In her article “Design Experts Predict These 5 Outdoor Living Trends” for Forbes, Julia Brenner quotes interior designer John McClain of John McClain Design. According to McClain, “‘the lines between indoor and outdoor design are blurring more and more.’” McClain notes that his clients “‘are looking for the exact same amenities that they currently have in their indoor spaces in their outdoor spaces.’” From outdoor fireplaces to “‘full kitchens with every appliance and amenity possible,’” McClain says that “‘outdoor entertaining areas are being kicked up a notch!’”
#4 Diana Apgar and Dee Frazier Prioritize Extending the Outdoor Entertaining Season
Jessica Dailey quotes designers Diana Apgar and Dee Frazier of Decorating Den Interiors in her article for House Beautiful. According to Apgar, features that protect homeowners from the elements are essential for transitional indoor-outdoor entertaining between seasons. She notes that outdoor drapes are an easy way to “block harsh sun, protect from rain, keep in heat, or keep out bugs.”
Diana Apgar explains that not only do “‘drapes define the space,”’ but they also add “‘privacy, sun protection, and color.’” A screened-in porch, awning or sunroom can also extend the outdoor entertaining season, notes Dee Frazier. Frazier explains that “‘often, just having a roof overhang is enough [because] there’s nothing like watching a good thunderstorm from the porch.’”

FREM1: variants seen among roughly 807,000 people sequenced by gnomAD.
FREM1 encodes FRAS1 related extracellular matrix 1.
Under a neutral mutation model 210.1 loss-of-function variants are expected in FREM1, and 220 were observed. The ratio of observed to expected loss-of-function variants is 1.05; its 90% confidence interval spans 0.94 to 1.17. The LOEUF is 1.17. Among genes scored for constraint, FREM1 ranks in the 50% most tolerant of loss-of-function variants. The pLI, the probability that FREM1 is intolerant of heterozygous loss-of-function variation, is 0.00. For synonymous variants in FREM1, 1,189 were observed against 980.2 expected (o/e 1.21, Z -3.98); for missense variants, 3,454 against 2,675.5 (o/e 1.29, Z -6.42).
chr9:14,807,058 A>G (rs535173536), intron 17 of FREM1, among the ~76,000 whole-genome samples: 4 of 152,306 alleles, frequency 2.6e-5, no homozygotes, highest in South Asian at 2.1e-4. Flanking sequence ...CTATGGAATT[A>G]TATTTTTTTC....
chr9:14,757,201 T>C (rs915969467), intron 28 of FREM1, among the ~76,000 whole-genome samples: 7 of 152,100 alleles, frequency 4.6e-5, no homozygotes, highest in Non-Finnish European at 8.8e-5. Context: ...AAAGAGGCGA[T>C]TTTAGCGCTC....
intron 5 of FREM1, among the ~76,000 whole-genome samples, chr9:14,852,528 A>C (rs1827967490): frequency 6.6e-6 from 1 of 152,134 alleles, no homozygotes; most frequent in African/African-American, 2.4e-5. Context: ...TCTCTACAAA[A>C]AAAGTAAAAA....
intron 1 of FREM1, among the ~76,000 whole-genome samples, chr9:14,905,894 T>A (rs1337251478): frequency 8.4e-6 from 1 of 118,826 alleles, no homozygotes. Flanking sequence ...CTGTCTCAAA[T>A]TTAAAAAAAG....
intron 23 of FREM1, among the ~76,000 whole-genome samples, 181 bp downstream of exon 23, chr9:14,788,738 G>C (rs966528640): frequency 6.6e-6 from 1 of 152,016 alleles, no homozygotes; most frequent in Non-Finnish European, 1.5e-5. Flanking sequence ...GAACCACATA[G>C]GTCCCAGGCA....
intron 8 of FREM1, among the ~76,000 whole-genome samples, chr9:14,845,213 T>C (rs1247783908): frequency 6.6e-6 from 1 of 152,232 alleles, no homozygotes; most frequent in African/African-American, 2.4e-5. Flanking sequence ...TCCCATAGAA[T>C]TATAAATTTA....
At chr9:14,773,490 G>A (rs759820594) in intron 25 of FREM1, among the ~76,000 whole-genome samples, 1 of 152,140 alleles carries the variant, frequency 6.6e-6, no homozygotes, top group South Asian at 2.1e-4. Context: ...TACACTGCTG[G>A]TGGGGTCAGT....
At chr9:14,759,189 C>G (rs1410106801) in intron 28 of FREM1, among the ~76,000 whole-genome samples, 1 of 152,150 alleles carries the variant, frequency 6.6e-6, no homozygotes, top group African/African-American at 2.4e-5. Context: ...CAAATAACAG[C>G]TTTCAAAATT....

#5 Nate Berkus Suggests Carrying Your Style from Indoor to Outdoor
In her article “6 Outdoor Entertaining Tips from Nate Berkus” for Architectural Digest, Amy Preiser interviews Chicago interior designer Nate Berkus. Berkus tells Preiser that “‘your style should be able to move outdoors seamlessly.’” He recommends blurring the lines even further by moving “‘your inside furniture and accessories outside…[because] it creates a real environment that guests will love.’” All in all, Nate Berkus notes that “‘the outdoor environment you create for a party should be in line with how you live inside.’”
Indoor-Outdoor Living Inspiration from Interior Designers Across America
According to designer Phil Kean in a recent article from Forbes, people “‘are committing larger budgets for a comprehensive outdoor experience.’” These spaces much “‘cater to cooking, entertaining and everyday living.’” Underscoring all these amenities is a desire for creature comforts in outdoor living spaces — from cozy outdoor furniture to brick fireplaces and piled rugs. To create your own transitional indoor-outdoor living space, follow below for inspiration from celebrated designers like Peter Dunham and Christopher Farr.
#1 Jefferson Street Designs Adds a Fireplace to a Screened-In Porch